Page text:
Roanoke Church of Christ



The title has nothing to do with the line from the song that goes, “From here to the Great Unknown.”

To explain the title, go back in time with me to the sermons you’ve heard. My guess is that you heard about Noah, Abraham, Isaac, Jacob, Moses, John the baptizer, Jesus, Peter, Paul and a few others. Probably at some point in each of those sermons the preacher held one or two of these folks up as examples of how we should be. We left church wondering when it would be our time to build an ark, or kill a Goliath, or be crucified like Jesus, and go into all the world like Paul. Anything less seems to fall short of what is a “real” Christian. In other words, we were always “falling short of the glory of God.” That is until we get our act together and became like the people the preacher held up before us.

There is also that hairy problem of the Holy Spirit. If we were taught that the Holy Spirit was the Bible, problem solved, almost. Now all we had to do was duplicate the instructions in the New Testament and we would be safe. We would be lead by the Spirit of the Word, as it were. Among the problems with that is the person who could quote the most scripture would be considered the most “full of the Spirit”. (“Which version of the Holy Spirit do you want? KJV, ASV NKJV or some other? We have it in hardback and soft leather?”) We would also become literalists, which to the thinking student of scripture is impossible. So we need to find a way to decide which passages to follow and which to not. This, of course, is true even if we are not among those who believe the Spirit is the Bible.

I said the Holy Spirit is a hairy problem because when we see the passages that speak of the “indwelling Spirit” we also have to deal with them. That’s where the rub comes in for most of us. We are told that the Spirit gives us “spiritual gifts”. So we look around and we don’t see anything. If someone asks what our gift is, we are stuck. Those who try to display what they feel is theirs, seem to ruin it, if indeed they have it right. Which I think in most cases of self-recognition, they don’t. All I can say here is I think the gifts of the Spirit are best seen in us by others, and accepted by us in faith.

However, as a reading of Paul’s letters to the Corinthians indicates, the concept of the Spirit giving gifts can be a problem. As seen in the first letter, the “visible” gifts were the most sought after. But as time passed and they seemed to fade in and out of church life, so some explanation needed to be made. At some point it was decided by some that those “visible” gifts were only for a certain time and place. Therefore, they no longer existed, hence the Bible itself became the Holy Spirit. Regardless the excitement about that view and the scriptures used to defend it, it didn’t and won’t hold water, more less the Holy Spirit.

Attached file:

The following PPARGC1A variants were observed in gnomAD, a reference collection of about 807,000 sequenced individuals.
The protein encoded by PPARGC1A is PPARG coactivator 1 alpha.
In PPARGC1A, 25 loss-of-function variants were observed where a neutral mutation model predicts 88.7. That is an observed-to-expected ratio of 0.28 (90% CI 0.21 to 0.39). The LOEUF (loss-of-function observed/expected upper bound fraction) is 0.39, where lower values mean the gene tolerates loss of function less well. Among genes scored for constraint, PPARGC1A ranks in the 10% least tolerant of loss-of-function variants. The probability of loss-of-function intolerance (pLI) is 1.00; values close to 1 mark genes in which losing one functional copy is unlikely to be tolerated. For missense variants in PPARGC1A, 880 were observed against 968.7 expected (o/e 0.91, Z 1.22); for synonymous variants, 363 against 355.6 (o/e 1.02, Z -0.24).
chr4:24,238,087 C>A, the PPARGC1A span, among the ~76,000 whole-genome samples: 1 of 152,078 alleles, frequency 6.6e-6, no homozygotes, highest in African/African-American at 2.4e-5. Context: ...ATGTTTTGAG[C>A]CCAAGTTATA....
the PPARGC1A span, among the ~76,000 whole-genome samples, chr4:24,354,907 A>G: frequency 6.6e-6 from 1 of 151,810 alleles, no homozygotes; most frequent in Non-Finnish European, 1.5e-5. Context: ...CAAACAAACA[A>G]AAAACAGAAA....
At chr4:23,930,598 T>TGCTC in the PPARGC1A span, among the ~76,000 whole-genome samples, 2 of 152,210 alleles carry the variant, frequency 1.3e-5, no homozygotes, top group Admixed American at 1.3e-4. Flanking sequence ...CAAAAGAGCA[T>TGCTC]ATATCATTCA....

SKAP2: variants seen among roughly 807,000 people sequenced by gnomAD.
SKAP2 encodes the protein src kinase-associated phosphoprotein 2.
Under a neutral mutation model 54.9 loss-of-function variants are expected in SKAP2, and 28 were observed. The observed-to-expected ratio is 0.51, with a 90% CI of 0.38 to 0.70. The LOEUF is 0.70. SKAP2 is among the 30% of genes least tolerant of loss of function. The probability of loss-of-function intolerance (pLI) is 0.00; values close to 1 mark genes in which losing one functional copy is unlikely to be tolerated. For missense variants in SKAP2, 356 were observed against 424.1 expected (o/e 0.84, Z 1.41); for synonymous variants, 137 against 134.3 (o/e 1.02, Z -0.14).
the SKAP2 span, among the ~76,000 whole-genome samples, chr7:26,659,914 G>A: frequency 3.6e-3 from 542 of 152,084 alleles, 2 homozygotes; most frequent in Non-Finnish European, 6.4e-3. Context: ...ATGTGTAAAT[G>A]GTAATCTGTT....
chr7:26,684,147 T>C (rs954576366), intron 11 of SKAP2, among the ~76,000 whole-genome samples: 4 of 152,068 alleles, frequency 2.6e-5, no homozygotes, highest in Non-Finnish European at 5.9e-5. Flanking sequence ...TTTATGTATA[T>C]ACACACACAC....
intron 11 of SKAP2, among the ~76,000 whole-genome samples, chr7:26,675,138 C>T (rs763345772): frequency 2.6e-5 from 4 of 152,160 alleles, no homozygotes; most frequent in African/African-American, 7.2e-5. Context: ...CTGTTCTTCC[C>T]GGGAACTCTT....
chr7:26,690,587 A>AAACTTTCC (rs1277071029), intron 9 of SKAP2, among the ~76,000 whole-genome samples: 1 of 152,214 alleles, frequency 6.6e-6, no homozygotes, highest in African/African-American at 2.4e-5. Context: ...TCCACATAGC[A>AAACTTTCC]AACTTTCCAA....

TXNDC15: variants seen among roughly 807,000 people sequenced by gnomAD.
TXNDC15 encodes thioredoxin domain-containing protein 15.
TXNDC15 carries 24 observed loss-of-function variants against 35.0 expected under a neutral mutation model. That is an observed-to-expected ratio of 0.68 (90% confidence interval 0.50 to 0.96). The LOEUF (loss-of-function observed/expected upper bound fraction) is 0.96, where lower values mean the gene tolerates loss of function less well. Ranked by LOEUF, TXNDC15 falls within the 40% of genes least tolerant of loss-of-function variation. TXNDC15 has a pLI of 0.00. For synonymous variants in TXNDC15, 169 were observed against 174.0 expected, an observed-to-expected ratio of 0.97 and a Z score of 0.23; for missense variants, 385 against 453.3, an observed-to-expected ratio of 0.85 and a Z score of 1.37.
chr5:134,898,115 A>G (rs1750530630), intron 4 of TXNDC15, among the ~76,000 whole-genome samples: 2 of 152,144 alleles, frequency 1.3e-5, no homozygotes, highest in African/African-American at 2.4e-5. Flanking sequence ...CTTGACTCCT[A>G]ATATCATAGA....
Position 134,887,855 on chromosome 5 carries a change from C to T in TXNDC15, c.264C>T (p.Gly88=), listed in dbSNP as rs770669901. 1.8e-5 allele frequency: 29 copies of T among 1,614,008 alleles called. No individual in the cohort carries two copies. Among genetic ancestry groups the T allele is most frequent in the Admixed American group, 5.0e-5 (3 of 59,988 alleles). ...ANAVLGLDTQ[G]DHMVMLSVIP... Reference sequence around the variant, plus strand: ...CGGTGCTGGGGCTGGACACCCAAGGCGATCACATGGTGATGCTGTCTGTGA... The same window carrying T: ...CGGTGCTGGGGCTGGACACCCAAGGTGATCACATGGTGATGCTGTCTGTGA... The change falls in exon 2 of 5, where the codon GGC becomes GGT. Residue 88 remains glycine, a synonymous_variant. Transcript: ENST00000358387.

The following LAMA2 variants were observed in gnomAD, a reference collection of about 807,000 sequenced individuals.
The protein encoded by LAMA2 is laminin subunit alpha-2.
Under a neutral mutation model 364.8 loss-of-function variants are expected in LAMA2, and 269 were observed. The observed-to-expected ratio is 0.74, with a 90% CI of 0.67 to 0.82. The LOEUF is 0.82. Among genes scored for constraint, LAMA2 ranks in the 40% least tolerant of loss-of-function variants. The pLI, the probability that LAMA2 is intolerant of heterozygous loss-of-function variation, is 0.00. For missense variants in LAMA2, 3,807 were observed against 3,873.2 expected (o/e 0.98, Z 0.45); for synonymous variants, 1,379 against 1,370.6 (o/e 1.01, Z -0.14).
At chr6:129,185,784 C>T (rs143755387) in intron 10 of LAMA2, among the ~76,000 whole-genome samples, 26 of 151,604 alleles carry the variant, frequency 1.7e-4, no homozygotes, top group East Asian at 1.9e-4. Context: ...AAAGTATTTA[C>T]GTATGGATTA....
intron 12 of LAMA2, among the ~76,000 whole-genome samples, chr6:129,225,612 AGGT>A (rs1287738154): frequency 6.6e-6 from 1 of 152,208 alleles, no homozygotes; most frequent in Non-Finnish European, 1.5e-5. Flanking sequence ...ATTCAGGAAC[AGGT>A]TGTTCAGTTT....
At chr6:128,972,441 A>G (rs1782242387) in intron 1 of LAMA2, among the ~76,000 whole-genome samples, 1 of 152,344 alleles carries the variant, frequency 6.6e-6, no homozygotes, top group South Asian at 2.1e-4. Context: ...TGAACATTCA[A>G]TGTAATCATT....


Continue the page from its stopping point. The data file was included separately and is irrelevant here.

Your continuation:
Left without a “The end!” from God, some set out to find the treasures of the lost Spirit. Meaning they wanted visible proof of the Spirit in their life. In
some cases visibility became the test as to if the person had the Holy Spirit or not. This led to some faking and hypocrisy. It also leads to frustration and disappointment as well as constant questioning of oneself.

In the New Testament there is never any doubt that the confessing person (Christian) does not receive God’s Spirit in their life. I’m not going to list the scriptures that would confirm that. My interest is in what a “spiritual” person is supposed to look and act like.

What does a spiritual person look like? Are there some “Christians” in any church who lack the presence of God’s Spirit in them? Don’t we look for the Moses’ and the Abrahams, and the Pauls? How many do we find that we can put our finger on and say it? On any given Sunday all across the world, churches are filled with believers who come, involve themselves in worship, and leave. If they were told to list their particular Holy Spirit gift at the door, how many could? How many would feel very accepted if they couldn’t? Why we feel that way is because those who preach and need to keep the wheels of the church turning, as well as being driven by the need to convert the world to Christ, need more wheel turners and converters. In other words, more people like Paul are needed. In fact, if you’re not aspiring to be like Paul you’re not very spiritual. “Why haven’t you been beaten or shipwrecked!?”